If you can dodge a wrench, you can dodge a ball

74686_20140610_081331_displayThere’s a certain level of control that you give up when you go on a journey like this. You let people fill you with poison, pump you with radiation, zap you with gamma rays. You give it up to a higher power. You follow the plan. You show up where people tell you to when they tell you to. You even wait patiently for three hours for your appointment to start. You accept it… you know it’s because someone who is sitting in the chair planned for you has had a reaction and their infusion was stopped for a while. You’ve been there. You accept it.

And then the wrench comes flying at you when they tell you that the infusion of iron planned for today can’t be done today. The chemo and the iron can’t run at the same time and that three hour delay has changed the plans… we’ll run out of time. Which means come back tomorrow… yet another day that you will miss work. And that’s when you say it’s time to take control.

If you let it, having cancer would be a full time job. The number of appointments that are scheduled for you can literally take up all your waking hours if you just take what you are given. Of course, the first cycle, everything IS set up for you and you do need to take those appointments since basically you’re being squeezed into a bunch of already full schedules. But after that, well, start dodging those wrenches ‘cuz if you can dodge a wrench, you can dodge a ball!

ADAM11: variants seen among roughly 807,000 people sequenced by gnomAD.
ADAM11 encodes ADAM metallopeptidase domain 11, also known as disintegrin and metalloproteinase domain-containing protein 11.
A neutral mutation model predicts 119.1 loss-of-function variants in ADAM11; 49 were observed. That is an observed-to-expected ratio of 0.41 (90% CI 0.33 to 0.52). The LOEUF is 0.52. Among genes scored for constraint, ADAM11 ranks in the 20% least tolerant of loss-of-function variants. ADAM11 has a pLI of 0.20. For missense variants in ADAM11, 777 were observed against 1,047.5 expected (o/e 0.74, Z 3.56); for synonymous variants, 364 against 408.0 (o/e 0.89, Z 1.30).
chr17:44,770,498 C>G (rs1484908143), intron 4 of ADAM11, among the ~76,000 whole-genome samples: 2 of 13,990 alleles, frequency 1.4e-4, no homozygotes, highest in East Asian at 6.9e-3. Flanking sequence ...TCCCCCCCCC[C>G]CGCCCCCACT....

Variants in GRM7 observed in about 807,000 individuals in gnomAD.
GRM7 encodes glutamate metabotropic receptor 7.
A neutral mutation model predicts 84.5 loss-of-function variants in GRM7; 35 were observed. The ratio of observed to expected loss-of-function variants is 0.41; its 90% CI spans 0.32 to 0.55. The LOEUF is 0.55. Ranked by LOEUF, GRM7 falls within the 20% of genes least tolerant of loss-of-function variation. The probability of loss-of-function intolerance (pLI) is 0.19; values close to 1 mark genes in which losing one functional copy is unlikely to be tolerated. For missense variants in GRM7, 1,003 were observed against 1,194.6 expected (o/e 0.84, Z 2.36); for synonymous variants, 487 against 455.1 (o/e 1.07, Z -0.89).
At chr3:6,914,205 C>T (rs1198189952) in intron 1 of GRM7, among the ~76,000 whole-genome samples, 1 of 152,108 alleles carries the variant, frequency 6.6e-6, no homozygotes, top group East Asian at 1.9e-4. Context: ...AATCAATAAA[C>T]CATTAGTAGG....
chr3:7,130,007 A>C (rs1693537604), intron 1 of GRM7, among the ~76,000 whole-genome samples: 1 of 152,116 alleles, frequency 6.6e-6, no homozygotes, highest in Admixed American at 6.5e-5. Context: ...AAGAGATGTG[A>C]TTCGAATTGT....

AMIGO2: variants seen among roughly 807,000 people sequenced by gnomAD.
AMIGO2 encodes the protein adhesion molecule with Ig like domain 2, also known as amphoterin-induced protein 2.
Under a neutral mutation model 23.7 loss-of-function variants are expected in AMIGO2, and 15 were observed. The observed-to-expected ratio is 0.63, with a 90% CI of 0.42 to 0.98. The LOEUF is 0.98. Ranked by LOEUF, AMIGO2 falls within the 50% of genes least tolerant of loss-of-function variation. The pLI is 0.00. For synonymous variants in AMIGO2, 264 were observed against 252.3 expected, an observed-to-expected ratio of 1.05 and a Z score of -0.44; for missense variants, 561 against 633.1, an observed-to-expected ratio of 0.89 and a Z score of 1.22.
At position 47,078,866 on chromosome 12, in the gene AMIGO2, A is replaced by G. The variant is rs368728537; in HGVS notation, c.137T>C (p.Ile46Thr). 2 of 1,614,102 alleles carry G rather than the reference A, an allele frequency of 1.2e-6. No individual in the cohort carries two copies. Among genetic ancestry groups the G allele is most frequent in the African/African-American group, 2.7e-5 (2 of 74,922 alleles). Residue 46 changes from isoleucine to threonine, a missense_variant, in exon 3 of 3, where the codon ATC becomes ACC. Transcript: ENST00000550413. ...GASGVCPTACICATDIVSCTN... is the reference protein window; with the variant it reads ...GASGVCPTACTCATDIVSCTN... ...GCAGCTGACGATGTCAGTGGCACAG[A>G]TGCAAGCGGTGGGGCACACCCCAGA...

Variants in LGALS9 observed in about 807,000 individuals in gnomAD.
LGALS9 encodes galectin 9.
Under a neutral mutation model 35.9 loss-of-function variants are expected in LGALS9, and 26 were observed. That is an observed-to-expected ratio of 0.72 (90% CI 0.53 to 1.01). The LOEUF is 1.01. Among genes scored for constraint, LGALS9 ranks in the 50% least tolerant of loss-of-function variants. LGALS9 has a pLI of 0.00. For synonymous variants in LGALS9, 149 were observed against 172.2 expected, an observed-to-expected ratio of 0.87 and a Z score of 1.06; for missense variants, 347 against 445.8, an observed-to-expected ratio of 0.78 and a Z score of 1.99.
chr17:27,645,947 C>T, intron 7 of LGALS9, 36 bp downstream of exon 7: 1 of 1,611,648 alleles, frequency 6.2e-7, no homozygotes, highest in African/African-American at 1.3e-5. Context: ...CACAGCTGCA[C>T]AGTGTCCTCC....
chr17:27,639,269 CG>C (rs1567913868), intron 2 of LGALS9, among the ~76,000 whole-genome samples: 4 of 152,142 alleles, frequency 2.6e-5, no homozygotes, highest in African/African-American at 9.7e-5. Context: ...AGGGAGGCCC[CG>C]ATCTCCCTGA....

The trick is to take the first appointments of the day if they’re available… can’t get bumped for a delay if you’re the first person in the seat. Then for the appointments like Neulasta that have to be end of day on a certain day in the cycle, take the very last appointment available so you can be in your office as long as possible. Lastly, for those follow-up appointments that are unavoidably midday, batch as many as you can into one day to minimize the amount of full days off you need to take. And the overriding trick to the whole thing? Make as many of these appointments as far in advance as possible to get your optimum time slots. Wrenches dodged!

We also found an unexpected bonus benefit to our wall of photos and our mini-buffet of noshes. People seem to stop in to see what’s going on. And one of those people happened to be the head of the treatment center and, we found out, a very good person to have on your side. She arranged for us to come in on Saturday morning for the iron infusion when we explained our dilemma. And will set us up in the new treatment area going forward so I can bring my laptop with me. Remote connection to the office on infusion days in the treatment center instead of catching up in the middle of the night…. SCOOOOOOORE!

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